This year I decided to mark Saint Patrick’s Day with a post celebrating some peculiarly Irish furniture.
Ireland is a country that incites endless superlatives as the result of her lush scenery and vistas, culture, and – amongst many unique products – peerless antique glass, silver and mahogany furniture. In their eighteenth-century hey day, Irish cabinetmakers equalled and frequently excelled their London counterparts.
As in England, the great houses of Ireland were fashionably furnished, but Irish cabinetmakers also addressed a couple of areas of domestic inelegance in typically Irish style.
Plates were customarily brought from butler’s pantry to dining room in rope- or iron-handled coopered wooden pails and after each course, the dirty plates were collected and removed to the scullery in the same pails and set directly into large sinks for washing.
One Irish personage obviously thought the frequent appearance of these drab common domestic utensils during mealtimes was beyond the pale and commissioned more felicitous replacements made of brass-bound mahogany to both confirm his own importance, and impress invited diners.
Mahogany plate buckets mirrored the form and construction of their common cousins, employing coopered construction, though with brass handles rather than of rope (fig. 1). These refined buckets, however, were not dunked in sinks full of scalding water and lye.
Fig. 1. Mahogany and brass plate buckets (with later turf liners), circa 1770. (Michael Hughs)
Wealthy patronage soon drove bucket decoration to new heights, with reeding (horizontal and wrythen) being popular (figs. 2, 6 & 8).
Fig. 2. Horizontally reeded mahogany plate buckets (with later turf liners), circa 1760. (Mallett)
Pierced buckets were also popular, with and without brass liners (fig. 3).
Fig. 3. Pierced mahogany plate buckets, late eighteenth-century. (Woolley & Wallis)
My property in Ireland was situated on a small hill that rose out of a bog and although I harvested alder and birch firewood from the borders of the ‘moss’, by far my favourite fuel was turf (or ‘peat’ as it’s known outside Ireland) from the bog. Turf burns with a low flame, yet produces good heat and the distinctive aroma of its smoke clinging to the landscape on damp days is one of the most endearing and lasting memories I have of home.
Turf is cut, stacked and dried on the moss before being brought out, traditionally in osier creels on the backs of donkeys (fig. 4), or on a slipe, pulled by a donkey or horse (fig. 5).
Fig. 4. Donkeys laden with turf creels.
Fig. 5. Horse-drawn turf slipe.
In cottages and ordinary houses, the turf was kept in a creel – or simply stacked on the floor – near the hearth, but in the great houses, mahogany buckets (some as large as 26″ tall and 20″ in diameter) found service by the fireside for containing turf (or – altogether more likely – ash or oak logs).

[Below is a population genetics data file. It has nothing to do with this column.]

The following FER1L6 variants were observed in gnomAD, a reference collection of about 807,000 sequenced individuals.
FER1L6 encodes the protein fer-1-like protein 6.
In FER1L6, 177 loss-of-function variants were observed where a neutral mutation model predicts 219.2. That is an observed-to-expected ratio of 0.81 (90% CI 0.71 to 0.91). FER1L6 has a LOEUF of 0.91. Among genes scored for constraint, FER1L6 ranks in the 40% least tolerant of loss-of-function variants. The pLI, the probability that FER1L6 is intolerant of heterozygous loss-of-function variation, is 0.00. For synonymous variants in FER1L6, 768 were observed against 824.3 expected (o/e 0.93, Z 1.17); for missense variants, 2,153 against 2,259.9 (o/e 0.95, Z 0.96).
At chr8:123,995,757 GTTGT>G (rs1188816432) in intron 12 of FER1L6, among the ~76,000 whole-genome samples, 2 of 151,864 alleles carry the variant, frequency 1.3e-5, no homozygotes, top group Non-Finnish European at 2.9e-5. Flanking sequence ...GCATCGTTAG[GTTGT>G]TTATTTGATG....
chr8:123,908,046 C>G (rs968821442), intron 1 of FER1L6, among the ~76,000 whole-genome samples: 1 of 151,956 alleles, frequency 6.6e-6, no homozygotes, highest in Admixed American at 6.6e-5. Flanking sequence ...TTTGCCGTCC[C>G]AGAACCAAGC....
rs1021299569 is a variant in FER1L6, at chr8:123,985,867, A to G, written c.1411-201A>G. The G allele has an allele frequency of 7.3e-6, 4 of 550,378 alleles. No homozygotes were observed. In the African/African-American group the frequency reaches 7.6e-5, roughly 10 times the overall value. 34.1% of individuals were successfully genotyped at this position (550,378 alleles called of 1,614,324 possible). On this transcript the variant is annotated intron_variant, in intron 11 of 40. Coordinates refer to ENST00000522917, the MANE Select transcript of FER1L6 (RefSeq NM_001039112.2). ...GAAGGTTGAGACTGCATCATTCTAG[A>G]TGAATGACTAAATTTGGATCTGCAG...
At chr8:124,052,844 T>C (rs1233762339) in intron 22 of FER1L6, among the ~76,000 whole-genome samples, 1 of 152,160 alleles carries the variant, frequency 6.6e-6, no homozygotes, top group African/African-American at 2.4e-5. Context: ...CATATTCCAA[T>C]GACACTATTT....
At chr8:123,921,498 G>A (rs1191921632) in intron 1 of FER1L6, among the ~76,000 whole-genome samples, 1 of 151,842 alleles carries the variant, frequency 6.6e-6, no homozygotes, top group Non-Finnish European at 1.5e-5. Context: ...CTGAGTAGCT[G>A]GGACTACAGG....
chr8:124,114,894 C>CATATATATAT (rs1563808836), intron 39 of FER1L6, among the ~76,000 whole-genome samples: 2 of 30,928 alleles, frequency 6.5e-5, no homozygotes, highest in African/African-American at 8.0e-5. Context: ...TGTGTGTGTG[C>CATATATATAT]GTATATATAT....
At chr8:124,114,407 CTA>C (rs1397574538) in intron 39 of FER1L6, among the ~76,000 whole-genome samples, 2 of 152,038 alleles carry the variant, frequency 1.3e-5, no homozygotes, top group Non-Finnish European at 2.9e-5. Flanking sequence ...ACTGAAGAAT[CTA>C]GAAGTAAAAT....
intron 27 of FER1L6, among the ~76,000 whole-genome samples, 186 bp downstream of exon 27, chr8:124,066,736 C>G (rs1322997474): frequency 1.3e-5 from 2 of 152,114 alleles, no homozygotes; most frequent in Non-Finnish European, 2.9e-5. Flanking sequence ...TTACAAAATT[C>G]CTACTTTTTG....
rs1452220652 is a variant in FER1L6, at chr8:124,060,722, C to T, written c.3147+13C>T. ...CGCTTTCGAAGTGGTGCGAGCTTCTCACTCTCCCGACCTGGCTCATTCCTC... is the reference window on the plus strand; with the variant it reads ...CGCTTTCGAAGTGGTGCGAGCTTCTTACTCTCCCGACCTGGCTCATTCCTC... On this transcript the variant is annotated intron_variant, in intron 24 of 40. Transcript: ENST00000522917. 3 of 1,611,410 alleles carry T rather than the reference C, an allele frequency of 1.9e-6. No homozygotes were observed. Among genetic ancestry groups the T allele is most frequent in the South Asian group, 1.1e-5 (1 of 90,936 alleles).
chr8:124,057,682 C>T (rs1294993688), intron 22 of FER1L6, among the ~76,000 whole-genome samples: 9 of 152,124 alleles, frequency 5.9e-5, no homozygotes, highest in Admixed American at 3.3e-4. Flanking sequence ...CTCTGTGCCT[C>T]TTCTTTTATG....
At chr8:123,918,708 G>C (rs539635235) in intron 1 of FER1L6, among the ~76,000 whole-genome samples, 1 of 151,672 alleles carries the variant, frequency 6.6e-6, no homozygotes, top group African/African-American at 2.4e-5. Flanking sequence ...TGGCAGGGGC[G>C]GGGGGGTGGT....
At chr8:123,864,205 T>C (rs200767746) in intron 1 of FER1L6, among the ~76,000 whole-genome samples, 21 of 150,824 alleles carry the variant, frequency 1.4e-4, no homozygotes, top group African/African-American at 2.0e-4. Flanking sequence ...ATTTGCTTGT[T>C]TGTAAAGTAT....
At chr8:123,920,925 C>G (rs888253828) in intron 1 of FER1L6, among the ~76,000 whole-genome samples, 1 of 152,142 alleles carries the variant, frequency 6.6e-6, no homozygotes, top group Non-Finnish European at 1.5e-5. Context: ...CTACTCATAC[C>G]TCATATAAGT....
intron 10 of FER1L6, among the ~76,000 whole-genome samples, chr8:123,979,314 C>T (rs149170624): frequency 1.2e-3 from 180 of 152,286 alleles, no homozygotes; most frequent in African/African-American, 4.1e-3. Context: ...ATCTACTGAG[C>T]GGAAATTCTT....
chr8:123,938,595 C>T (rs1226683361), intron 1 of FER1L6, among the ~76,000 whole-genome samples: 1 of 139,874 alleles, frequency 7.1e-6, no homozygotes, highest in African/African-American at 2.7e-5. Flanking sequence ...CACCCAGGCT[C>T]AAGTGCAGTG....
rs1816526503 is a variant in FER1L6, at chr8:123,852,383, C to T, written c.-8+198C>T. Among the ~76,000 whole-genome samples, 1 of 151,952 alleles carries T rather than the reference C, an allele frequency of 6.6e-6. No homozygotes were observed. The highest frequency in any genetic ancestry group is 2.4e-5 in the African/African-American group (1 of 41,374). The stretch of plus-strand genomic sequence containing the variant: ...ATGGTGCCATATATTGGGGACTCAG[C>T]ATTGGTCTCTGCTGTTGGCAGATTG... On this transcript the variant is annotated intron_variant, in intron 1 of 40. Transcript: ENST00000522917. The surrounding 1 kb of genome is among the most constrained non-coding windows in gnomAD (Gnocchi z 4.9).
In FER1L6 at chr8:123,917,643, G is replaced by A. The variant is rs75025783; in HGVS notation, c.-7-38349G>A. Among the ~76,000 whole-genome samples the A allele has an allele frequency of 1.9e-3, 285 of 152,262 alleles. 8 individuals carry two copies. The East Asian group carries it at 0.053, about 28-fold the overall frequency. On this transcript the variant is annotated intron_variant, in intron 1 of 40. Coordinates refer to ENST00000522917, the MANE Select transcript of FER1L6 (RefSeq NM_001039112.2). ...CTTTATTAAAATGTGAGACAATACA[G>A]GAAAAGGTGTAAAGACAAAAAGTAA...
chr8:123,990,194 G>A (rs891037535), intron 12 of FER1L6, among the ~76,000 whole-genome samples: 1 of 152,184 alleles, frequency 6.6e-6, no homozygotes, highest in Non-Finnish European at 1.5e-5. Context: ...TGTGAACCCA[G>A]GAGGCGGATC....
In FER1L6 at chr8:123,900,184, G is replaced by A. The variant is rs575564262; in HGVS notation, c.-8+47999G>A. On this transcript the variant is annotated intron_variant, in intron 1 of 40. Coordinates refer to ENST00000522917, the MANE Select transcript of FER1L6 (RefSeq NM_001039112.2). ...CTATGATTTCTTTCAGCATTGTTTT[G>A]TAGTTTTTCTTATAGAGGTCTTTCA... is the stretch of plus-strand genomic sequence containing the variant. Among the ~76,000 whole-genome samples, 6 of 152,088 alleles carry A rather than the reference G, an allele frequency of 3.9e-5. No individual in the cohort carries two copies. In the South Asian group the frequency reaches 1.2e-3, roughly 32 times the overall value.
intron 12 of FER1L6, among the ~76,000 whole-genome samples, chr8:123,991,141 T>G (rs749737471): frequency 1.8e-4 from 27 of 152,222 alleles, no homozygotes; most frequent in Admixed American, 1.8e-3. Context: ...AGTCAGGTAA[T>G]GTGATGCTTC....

Fig. 6. Horizontally reeded turf bucket, circa 1790. (M Ford Creech)
Fig. 7. Navette mahogany turf bucket, circa 1800. (M Ford Creech)
Fig. 8. Large wrythen mahogany turf bucket with side carrying handles, circa 1810. (Bonhams)
Turf buckets are in as great demand now as ever, with genuine eighteenth-century examples selling for up to six figures. As a result, reproduction mahogany buckets are pouring out of Asia and selling in-the-white and polished for quite ridiculous sums, often with fraudulent claims of age and provenance.
Happy Saint Patrick’s Day.
Beyond the pail from beyond the Pale!
How would the reeding have been done? Hand carved?
The horizontal reeding would probably have been done on the lathe and the vertical reeding likely done while on the lathe too, but with the use of a moulding box. The writhen variety would have been done on an ‘engine’ – a type of lathe with additional gearing and travelling tooling.
Jack, while I agree that the reed bands would be done on the lathe and the vertical with a moulding box, I find it hard to believe that there would have been engines quite that large or complex. It would not only need gearing to turn the head but a travelling tool post with a revolving cutter and while there were some pretty clever lathes around by then I don’t believe this scale of work would have possible. I think it is carved after some careful but relatively elementary setting out. Cheers gED
Ged, my reference books are mostly packed in boxes at present and I am therefore unable to locate any relevant references, but quite large turning engines did indeed exist for the purpose of ornamentally turning large columns etc.
Ornamental turning was well established by the end of the eighteenth-century with Charles Plumier publishing his work in 1701. From memory, both Joseph Moxon and Denis Diderot covered ornamental turning in their works published in 1703 and 1751 respectively. However, the book that possibly lent inspiration to the turning of these turf buckets at the end of the eighteenth-century was L. E. Bergeron’s Le Manuel du Tourneur published in 1796.
The buckets would have been turned on a dedicated engine and some ornamental lathes of the time did indeed have hand-cranked rotating cutters, so it’s fair to assume the same technology was employed for making wrythen buckets.
There’s a perceptible difference between hand-fluted and reeded buckets, tripod table columns etc. and modern machine-made copies. None of the wrythen buckets I have seen had the appearance of being hand-carved, but that’s not to say they weren’t.
In his book, Irish Furniture, The Knight of Glin doesn’t make any mention of their construction, but he does illustrate horizontally- and helically-reeded buckets, and interestingly, the wrythen example with the carved scallop shell that a great number of subsequent copies appear to be modelled on.
Thank you very much for replying at such length on this, I salute the scope and breadth of your knowledge, but I think we’ll have to disagree on this one. I have been a member of the Society of Ornamental Turners for over 30 years and so do a know a little on the subject. Here’s what John Edwards ( author of Holzapffel vol VI) had to say when I asked for confirmation of my opinion,